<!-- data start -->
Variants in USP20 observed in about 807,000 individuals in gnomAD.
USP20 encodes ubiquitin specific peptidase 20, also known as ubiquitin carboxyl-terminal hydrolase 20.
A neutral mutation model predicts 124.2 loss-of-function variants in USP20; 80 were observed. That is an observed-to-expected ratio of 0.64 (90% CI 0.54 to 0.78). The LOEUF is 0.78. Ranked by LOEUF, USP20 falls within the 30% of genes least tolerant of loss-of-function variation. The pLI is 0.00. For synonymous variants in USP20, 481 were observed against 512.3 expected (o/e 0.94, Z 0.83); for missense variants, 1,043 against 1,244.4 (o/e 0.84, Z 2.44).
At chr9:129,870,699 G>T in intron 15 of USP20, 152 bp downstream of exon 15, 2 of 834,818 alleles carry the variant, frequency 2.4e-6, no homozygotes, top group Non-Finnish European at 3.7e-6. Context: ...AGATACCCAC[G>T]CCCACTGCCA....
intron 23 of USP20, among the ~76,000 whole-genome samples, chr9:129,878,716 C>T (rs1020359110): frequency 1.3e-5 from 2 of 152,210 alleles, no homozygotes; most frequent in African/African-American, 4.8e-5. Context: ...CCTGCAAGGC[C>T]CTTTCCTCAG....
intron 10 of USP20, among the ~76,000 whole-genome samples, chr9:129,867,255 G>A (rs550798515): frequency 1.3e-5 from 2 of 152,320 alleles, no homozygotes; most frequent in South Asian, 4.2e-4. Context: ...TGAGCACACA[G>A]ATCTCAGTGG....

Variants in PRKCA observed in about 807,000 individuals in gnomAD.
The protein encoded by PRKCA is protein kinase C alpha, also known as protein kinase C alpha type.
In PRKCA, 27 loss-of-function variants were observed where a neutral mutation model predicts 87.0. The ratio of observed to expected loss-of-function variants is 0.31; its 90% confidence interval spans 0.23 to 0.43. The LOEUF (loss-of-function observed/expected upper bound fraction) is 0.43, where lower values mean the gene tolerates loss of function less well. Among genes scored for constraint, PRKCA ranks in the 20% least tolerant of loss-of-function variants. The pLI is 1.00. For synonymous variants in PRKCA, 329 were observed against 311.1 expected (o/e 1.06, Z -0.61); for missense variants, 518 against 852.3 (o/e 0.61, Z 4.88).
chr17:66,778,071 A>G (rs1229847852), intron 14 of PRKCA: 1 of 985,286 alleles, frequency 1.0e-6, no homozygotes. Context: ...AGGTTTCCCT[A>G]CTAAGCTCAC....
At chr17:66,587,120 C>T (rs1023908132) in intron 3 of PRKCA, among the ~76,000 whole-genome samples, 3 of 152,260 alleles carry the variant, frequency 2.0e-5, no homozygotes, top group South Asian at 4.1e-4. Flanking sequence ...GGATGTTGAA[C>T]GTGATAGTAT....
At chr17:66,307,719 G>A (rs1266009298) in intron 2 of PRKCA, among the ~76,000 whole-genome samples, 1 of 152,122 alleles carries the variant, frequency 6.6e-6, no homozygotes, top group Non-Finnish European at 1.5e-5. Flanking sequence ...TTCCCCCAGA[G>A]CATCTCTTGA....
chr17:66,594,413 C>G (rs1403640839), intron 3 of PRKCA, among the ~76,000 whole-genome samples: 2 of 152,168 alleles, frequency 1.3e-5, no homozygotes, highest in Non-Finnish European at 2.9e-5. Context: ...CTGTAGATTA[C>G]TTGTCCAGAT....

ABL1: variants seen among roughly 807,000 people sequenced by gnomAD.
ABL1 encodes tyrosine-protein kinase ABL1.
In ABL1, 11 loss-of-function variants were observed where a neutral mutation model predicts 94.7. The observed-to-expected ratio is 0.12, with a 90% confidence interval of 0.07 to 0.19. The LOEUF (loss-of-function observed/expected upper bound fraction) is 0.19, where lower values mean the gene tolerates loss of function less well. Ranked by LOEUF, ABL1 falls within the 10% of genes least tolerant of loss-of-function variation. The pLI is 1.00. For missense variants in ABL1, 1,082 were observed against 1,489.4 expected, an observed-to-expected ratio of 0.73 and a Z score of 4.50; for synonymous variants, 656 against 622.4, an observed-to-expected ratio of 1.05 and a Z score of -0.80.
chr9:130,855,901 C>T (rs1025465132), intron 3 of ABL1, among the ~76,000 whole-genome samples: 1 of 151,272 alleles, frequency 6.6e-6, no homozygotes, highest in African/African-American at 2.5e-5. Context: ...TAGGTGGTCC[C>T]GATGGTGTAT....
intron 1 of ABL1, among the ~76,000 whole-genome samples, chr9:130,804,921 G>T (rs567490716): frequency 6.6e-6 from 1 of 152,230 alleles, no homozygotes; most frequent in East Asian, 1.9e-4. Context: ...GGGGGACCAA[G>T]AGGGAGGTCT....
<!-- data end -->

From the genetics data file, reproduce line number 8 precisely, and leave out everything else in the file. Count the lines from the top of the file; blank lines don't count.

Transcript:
The protein encoded by PRKCA is protein kinase C alpha, also known as protein kinase C alpha type.